30. August 2011 18:45
Summary: PHP, utilized by millions of Web sites around the Web, has a not-so-hidden secret on their Web site: a directory full of pirated content, config files containing user name and password information, and more.
Update: The directory has now been taken care of; however, for the time being, Google’s cache of the directory remains intact.
It’s interesting what a night of advanced Google querying can yield. On the heels of running across USA Today’s prototype Windows 8 application in a designer’s profile (thanks to advanced querying), I’ve now stumbled upon a directory on PHP’s official Web site that ... [More]
30. August 2011 13:08
With Skype recently announcing its intentions to raise more than $100 million through an IPO, the company and the VoIP industry are looking at a time of growth and transition. Knowledge Network contributor InformIT recently uploaded an to help IT professionals meet the challenges of running VoIP networks head-on. This book focuses on monitoring, managing, troubleshooting and optimizing large networks. The authors discuss:
VoIP deployment in enterprise and service-provider networks
Performance tradeoffs and challenges associated with leading VoIP deployment models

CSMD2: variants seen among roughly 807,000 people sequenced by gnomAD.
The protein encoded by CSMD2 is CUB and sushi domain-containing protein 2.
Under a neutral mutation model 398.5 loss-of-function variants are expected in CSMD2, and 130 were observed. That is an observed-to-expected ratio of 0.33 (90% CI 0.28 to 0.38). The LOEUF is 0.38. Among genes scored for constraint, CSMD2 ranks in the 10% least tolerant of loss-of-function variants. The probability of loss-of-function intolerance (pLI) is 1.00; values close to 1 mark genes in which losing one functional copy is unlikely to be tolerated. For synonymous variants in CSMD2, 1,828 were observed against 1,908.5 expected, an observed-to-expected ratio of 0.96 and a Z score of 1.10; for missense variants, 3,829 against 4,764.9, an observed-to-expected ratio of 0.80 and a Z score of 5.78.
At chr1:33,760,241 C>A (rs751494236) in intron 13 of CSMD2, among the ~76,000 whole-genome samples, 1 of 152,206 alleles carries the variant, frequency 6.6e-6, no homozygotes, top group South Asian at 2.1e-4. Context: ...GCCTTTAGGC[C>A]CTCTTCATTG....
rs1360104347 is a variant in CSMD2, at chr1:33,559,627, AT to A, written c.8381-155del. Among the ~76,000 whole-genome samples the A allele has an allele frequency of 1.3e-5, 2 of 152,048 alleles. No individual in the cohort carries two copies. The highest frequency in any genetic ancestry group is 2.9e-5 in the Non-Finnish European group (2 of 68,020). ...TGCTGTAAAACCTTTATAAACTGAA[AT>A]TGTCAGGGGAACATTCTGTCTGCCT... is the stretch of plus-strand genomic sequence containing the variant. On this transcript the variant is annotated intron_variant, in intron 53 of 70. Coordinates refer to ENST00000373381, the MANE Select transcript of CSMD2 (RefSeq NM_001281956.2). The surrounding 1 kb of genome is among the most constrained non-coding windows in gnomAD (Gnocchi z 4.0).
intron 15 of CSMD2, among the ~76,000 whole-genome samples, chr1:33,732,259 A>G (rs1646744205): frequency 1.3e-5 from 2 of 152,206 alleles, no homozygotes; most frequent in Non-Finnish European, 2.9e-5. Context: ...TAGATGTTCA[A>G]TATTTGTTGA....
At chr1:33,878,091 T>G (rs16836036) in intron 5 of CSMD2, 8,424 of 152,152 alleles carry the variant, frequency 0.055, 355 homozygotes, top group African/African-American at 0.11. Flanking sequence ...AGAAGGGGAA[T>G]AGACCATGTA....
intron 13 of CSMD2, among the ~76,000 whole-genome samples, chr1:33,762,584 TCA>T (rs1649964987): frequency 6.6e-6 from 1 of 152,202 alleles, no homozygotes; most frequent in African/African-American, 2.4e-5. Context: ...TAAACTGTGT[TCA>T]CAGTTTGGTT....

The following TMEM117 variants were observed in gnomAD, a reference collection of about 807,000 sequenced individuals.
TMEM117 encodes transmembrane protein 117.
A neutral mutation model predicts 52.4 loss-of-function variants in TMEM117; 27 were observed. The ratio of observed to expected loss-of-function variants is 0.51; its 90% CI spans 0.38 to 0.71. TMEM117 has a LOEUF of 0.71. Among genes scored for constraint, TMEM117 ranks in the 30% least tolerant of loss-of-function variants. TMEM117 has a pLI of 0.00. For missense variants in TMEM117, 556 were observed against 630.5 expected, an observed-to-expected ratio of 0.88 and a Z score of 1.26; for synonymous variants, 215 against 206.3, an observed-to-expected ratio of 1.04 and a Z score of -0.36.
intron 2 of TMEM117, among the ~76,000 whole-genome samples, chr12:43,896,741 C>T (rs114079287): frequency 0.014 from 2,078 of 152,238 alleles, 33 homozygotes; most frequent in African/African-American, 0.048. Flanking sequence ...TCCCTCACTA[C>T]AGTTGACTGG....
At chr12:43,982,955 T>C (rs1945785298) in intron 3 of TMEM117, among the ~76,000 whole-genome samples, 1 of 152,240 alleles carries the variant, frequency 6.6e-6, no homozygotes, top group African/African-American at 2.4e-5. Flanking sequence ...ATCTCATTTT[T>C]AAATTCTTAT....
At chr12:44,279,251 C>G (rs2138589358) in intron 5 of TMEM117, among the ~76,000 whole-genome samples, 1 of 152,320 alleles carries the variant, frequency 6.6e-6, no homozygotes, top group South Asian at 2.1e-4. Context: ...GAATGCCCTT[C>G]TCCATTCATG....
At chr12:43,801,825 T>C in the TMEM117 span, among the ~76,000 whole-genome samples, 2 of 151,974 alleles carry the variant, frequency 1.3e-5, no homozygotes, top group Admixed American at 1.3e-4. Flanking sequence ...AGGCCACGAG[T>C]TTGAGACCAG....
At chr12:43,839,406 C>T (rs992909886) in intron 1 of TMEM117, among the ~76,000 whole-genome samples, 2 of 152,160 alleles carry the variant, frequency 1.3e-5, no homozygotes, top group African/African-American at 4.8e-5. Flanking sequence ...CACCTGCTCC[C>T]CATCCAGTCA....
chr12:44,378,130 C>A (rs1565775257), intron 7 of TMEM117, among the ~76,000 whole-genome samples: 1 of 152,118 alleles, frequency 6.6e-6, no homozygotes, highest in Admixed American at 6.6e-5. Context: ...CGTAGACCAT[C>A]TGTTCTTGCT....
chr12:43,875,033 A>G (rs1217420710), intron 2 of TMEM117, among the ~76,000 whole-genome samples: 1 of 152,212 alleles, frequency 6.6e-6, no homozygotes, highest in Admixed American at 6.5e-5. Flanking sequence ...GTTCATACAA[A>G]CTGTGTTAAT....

A comprehensive approach to diagnosing VoIP network problems using key performance indicators
Proactively addressing is... [More]
30. August 2011 12:56
A recent report suggests that electricity use by data centers in the United States grew 36 percent between 2005 and 2010, dramatically less than the 100 percent growth predicted just a few years ago.
Julius Neudorfer over at CTO Edge questions the finer points of the report, noting that actually building out new, more efficient data centers requires energy, too. But clearly, the energy required to operate a data center continues to be the main expense of such initiatives over the long haul, and accurately estimating these expenses is essential in budgeting this major project.
Our partners at Info~Tech Research Group have developed a Data Center Power and Cooling R... [More]
30. August 2011 12:50
There are a ton of enterprise security products, from intrusion detection to data loss prevention to zero-day attack monitoring, that are based on monitoring logs for weird behavior. In fact, any serious discussion of enterprise security always boils down to carefully monitoring your server logs. You can employ high-end applications to do this for you, but ultimately your IT team needs to know how to protect and utilize the logs that spell out virtually every aspect of your network’s health.